Homeless individuals were recently discovered living in 20-foot-deep caves by the Tuolumne River in California. Last weekend, the Modesto Police Department partnered with volunteers to remove thousands of pounds of garbage from the caves.
According to CBS 13, the dangerous underground caves were accessed by a makeshift staircase that was carved into hills along the Tuolumne River. Highlighting the dangerous nature of the homeless caves, Tracy Rojas, a local resident, warned CBS 13 that if the caves collapsed, the consequences would be “devastating.”
Photos shared on social media by The New York Post show one of the caves filled with crates of supplies, a table, a chair, and shelves of food.
The Modesto Police Department released a statement regarding the homeless caves, explaining that the department partnered with a volunteer organization called “9.2.99” for a “joint clean-up operation” near the Tuolumne River.
“This particular area has been plagued by vagrancy and illegal camps, which have raised concerns due to the fact that these camps were actually caves dug into the riverbanks,” the department wrote.
The Modesto Police Department noted that the homeless individuals in the local caves and homeless camps were notified prior to the clean-up operation and that the individuals were offered services.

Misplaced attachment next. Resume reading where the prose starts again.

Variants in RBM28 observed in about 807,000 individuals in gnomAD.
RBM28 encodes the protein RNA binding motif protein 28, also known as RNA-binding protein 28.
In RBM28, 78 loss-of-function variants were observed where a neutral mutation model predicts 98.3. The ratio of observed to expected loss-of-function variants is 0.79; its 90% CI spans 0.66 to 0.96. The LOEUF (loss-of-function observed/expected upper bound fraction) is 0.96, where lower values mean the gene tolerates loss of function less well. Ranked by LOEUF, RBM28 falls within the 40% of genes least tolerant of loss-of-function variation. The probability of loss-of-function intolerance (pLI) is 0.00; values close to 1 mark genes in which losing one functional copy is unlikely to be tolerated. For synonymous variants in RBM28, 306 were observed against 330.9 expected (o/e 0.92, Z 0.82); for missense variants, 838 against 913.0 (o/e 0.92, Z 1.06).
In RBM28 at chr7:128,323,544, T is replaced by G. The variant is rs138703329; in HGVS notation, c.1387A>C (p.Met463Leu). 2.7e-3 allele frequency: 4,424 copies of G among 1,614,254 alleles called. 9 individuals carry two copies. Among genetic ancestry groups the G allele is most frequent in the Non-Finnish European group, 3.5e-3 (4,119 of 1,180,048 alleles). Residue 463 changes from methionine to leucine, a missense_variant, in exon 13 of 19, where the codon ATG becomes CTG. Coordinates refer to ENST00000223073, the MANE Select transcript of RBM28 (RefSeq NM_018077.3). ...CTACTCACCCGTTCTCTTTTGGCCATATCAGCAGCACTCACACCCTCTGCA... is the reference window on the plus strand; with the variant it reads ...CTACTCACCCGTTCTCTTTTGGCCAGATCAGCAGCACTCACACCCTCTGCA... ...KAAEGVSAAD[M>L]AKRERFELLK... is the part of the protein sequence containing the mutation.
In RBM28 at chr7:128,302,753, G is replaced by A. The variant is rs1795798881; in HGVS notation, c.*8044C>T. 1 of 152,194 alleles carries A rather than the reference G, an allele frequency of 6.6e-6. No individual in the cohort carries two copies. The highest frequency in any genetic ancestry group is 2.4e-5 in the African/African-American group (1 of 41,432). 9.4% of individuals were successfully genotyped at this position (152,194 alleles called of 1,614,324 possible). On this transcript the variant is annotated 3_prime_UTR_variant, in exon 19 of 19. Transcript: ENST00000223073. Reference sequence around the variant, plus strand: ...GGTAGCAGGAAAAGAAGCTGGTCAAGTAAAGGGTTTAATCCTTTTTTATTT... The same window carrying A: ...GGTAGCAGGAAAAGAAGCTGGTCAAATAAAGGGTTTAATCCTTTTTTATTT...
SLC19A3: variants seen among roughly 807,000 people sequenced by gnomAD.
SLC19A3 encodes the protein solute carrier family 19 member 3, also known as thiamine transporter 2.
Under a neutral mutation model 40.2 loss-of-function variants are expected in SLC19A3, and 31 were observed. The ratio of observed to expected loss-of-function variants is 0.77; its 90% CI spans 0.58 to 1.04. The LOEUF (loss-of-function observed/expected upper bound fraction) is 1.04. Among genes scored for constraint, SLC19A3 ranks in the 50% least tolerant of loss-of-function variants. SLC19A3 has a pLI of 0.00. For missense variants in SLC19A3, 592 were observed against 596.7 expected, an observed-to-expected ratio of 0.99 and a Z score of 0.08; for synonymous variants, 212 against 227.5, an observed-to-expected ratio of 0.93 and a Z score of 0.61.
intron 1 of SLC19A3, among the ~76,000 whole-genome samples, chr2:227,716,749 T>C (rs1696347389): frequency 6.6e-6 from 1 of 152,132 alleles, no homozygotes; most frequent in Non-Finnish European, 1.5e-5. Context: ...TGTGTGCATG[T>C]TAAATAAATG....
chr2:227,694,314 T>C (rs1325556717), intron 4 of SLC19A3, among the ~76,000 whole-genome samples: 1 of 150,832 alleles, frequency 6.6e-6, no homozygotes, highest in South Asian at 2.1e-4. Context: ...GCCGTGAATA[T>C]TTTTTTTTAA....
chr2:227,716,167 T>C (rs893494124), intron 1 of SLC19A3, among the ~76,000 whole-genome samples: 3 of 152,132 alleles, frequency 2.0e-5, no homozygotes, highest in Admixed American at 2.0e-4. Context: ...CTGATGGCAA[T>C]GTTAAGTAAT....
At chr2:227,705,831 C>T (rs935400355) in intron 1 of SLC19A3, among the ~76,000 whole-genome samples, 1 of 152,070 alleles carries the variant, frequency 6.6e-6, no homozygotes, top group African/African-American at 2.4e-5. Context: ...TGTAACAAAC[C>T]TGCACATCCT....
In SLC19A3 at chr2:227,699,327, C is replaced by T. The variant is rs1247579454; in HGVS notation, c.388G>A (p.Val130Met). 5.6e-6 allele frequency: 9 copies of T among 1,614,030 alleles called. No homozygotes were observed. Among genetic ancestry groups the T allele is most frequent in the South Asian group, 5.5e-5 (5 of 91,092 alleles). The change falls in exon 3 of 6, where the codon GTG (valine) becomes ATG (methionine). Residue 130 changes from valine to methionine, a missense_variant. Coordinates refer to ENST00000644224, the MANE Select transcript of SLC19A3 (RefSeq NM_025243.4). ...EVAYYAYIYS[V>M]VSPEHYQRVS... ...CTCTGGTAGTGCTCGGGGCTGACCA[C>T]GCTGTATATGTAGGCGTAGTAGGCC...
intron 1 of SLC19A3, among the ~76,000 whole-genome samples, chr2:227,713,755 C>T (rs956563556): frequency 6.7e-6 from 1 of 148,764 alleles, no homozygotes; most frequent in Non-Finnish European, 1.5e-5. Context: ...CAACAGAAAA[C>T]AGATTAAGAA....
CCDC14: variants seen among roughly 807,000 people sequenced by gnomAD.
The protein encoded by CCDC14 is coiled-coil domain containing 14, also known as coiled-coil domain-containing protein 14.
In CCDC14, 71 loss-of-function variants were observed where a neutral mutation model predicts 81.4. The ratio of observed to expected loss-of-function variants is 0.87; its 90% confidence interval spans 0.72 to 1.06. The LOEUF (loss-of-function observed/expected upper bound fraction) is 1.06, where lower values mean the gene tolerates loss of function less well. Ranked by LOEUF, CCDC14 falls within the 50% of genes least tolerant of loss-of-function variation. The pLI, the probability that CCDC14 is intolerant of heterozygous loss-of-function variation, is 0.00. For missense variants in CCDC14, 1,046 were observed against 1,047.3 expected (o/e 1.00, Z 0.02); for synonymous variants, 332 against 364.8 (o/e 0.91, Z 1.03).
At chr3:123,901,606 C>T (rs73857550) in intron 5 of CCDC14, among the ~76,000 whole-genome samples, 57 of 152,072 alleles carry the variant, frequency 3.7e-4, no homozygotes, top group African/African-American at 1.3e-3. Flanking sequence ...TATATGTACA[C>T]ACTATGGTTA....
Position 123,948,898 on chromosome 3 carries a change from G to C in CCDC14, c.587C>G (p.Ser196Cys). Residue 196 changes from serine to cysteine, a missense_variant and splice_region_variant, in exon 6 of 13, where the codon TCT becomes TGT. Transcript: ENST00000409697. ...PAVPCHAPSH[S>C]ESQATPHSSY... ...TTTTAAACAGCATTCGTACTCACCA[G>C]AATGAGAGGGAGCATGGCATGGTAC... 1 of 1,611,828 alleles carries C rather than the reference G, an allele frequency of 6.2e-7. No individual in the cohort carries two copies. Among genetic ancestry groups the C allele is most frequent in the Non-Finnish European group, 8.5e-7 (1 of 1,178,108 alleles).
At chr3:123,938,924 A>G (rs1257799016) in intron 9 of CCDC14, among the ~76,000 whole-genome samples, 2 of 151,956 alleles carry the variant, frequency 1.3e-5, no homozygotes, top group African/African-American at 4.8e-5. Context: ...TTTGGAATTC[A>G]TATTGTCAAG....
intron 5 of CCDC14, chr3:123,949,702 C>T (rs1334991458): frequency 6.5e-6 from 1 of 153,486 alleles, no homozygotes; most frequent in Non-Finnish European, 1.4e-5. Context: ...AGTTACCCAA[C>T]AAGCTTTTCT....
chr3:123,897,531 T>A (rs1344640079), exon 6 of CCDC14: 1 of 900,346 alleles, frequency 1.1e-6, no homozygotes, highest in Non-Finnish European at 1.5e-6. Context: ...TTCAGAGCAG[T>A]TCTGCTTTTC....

“During the operation on Saturday, a total of 7,600 lbs of trash, as well as two truckloads and a trailer of garbage, were successfully removed from the area,” the police department added.
Video footage shared on social media provides an in-depth look at the homeless caves.
Chris Guptill, a volunteer for Operation 9.2.99, told CBS 13 that eight caves were cleared during the joint clean-up operation over the weekend. Guptill noted the surprise of the volunteers when they discovered the massive amount of belongings and trash stored in the caves.
“We had a hard time figuring out how they got so much stuff down in there, considering how hard it was to get it up the hill and out,” he said.
While the caves were cleared by police and volunteers from 9.2.99, Guptill warned that residents would likely return to the caves.
“We really don’t have a known solution on how to deal with it,” Guptill said. “It’s already been proven that people will dig these out, so I don’t think filling them in with any material would work.”